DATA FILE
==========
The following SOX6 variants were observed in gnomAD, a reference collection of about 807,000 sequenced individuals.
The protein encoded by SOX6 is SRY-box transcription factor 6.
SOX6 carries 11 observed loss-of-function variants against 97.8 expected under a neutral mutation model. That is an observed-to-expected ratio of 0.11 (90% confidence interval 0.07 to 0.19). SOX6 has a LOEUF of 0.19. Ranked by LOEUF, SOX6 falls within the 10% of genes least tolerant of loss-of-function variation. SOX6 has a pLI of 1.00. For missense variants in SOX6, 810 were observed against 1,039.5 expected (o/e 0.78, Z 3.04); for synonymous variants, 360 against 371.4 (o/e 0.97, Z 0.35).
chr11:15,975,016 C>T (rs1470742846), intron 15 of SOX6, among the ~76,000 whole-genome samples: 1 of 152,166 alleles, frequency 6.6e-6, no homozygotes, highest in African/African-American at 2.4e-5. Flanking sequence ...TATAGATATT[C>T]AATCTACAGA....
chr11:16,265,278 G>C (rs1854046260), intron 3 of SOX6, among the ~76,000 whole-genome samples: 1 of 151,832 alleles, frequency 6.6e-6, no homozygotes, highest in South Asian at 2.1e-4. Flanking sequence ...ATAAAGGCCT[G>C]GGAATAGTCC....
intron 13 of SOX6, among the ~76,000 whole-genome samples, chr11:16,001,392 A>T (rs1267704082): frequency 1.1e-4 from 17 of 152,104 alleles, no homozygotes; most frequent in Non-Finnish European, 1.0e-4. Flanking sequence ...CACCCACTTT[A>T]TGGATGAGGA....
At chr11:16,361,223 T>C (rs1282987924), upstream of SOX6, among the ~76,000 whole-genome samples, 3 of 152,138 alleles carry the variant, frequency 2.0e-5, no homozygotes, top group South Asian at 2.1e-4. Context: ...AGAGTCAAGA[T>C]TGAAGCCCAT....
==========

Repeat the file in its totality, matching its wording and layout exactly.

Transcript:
The following SOX6 variants were observed in gnomAD, a reference collection of about 807,000 sequenced individuals.
The protein encoded by SOX6 is SRY-box transcription factor 6.
SOX6 carries 11 observed loss-of-function variants against 97.8 expected under a neutral mutation model. That is an observed-to-expected ratio of 0.11 (90% confidence interval 0.07 to 0.19). SOX6 has a LOEUF of 0.19. Ranked by LOEUF, SOX6 falls within the 10% of genes least tolerant of loss-of-function variation. SOX6 has a pLI of 1.00. For missense variants in SOX6, 810 were observed against 1,039.5 expected (o/e 0.78, Z 3.04); for synonymous variants, 360 against 371.4 (o/e 0.97, Z 0.35).
chr11:15,975,016 C>T (rs1470742846), intron 15 of SOX6, among the ~76,000 whole-genome samples: 1 of 152,166 alleles, frequency 6.6e-6, no homozygotes, highest in African/African-American at 2.4e-5. Flanking sequence ...TATAGATATT[C>T]AATCTACAGA....
chr11:16,265,278 G>C (rs1854046260), intron 3 of SOX6, among the ~76,000 whole-genome samples: 1 of 151,832 alleles, frequency 6.6e-6, no homozygotes, highest in South Asian at 2.1e-4. Flanking sequence ...ATAAAGGCCT[G>C]GGAATAGTCC....
intron 13 of SOX6, among the ~76,000 whole-genome samples, chr11:16,001,392 A>T (rs1267704082): frequency 1.1e-4 from 17 of 152,104 alleles, no homozygotes; most frequent in Non-Finnish European, 1.0e-4. Flanking sequence ...CACCCACTTT[A>T]TGGATGAGGA....
At chr11:16,361,223 T>C (rs1282987924), upstream of SOX6, among the ~76,000 whole-genome samples, 3 of 152,138 alleles carry the variant, frequency 2.0e-5, no homozygotes, top group South Asian at 2.1e-4. Context: ...AGAGTCAAGA[T>C]TGAAGCCCAT....